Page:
How to Get Buyers to Bite on Homes in Retirement Communities
If you know what kind of buyer you’re trying to attract, you need to take steps — both large and small — that appeal to that buyer.
At least that’s what by-owner seller Paula Tiller thinks. And as far as she’s concerned, when it was time to sell her two-bedroom home in a retirement community in Cape Coral, Florida, and move to a new retirement development in Georgia, the large steps were already obvious. “We were selling a beautiful small home on an 18-hole golf course in Florida to anyone 55 and older,” says Tiller. “There’s a certain demographic for that market, obviously, so you really don’t have to stretch too far.”
Tiller is in good company. The largest group of home sellers in the country are ages 55-64, according to the National Association of Realtors 2013 Profile of Home Buyers and Sellers. When it comes to buyers over age 50, 14 percent of recent purchases were homes in senior-related housing or active adult communities.
But when Tiller spoke to and visited with friends who had difficulties selling their homes in the same community, she noticed a pattern. “All of them made their homes look exactly the same,” Tiller says. “Tropical prints, Florida-style furniture and incredibly boring walls. They went out of their way to take out their homes’ personalities.”
So Tiller took a different approach and didn’t worry about home staging backlash. Sure, she says, she had a similar tropical theme running through her home, but unlike her friends, she chose to keep her personal items on display. In fact, the 72-year-old grandmother says she went out of her way to place photos of her grandchildren on the mantle, the bookshelves and the nightstands. And she didn’t hesitate to dress up her refrigerator with a few colorings and drawings from her daughters’ children, as well.
After all, Tiller says, she was living in a retirement community and was appealing to buyers who were also retired and looking to move to Florida for a new chapter in their lives after years of winter and work. All of that makes sense in theory, but Tiller knows the one thing most new retirees struggle with is leaving behind their children and especially their grandchildren.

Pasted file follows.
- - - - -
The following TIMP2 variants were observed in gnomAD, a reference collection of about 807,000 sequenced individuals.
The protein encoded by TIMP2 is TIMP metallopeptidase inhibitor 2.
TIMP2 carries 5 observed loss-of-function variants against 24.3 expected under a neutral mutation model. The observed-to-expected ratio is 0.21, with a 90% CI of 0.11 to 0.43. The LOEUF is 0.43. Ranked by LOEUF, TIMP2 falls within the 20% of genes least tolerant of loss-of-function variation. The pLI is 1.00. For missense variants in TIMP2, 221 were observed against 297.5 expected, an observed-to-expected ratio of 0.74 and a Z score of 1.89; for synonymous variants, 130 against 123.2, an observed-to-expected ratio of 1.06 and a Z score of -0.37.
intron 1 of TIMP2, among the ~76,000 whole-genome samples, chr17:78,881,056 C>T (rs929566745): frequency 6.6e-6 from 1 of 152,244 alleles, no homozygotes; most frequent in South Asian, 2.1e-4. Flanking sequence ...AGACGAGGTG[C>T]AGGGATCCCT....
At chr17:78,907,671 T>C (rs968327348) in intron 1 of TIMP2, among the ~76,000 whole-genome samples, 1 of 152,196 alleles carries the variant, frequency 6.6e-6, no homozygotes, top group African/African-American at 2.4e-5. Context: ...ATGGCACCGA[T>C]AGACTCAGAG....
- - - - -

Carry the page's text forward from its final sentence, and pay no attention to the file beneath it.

“I’d be dishonest if I said my grandkids back in Chicago would keep me from staying down here permanently, but there is definitely a period of adjustment. It was certainly the biggest factor when I thought about moving to Florida. It’s the one thing I could never really resolve until I just bit the bullet and moved,” Tiller says. “I have four beautiful granddaughters and two handsome grandsons. When I moved down here, the youngest was 2 years old. It was hard. I know it’s something people struggle with when they think about picking up and moving somewhere 1,000 miles away.”
Knowing that most of the retirees who looked at her house probably had grandchildren, Tiller did all she could to give them that warm-and-fuzzy feeling when they walked through her house. “I know it goes against the ‘plain-and-simple’ philosophy of making a room look as boring and bland as possible, but I wanted someone who was a grandma or grandpa to buy my place,” says Tiller. “I wanted them to see my grandchildren and their little art projects because my guess was that if they bought my place, they’d put the same kind of drawings up on the refrigerator and the same little framed photos up on their bookshelf.”
Tiller also made sure to throw out a few subtle hints. “I have a large photo of me and my grandkids sitting at the pool that I hung on the wall near the living room table,” she says. “Everyone asked about it, and that gave me a chance to remind people that they can see their grandchildren when they came down here on vacation. That’s the best part of being a grandparent, right? You play with the grandkids for a few days and then you get to send them home.”
Tiller’s strategy paid off. She sold her home to a couple from New Jersey who was looking to begin that second chapter of their life. “The couple who bought my house actually looked at it when my daughter was here on vacation with her children,” she says. “They had kids and grandchildren of their own, and I’m sure they were struggling with that a bit. But you throw a couple of cute kids who start talking a mile a minute about how much they love the pool, and you’ve got yourself a sale.”
Read more: Dos and Don’ts of Selling By Owner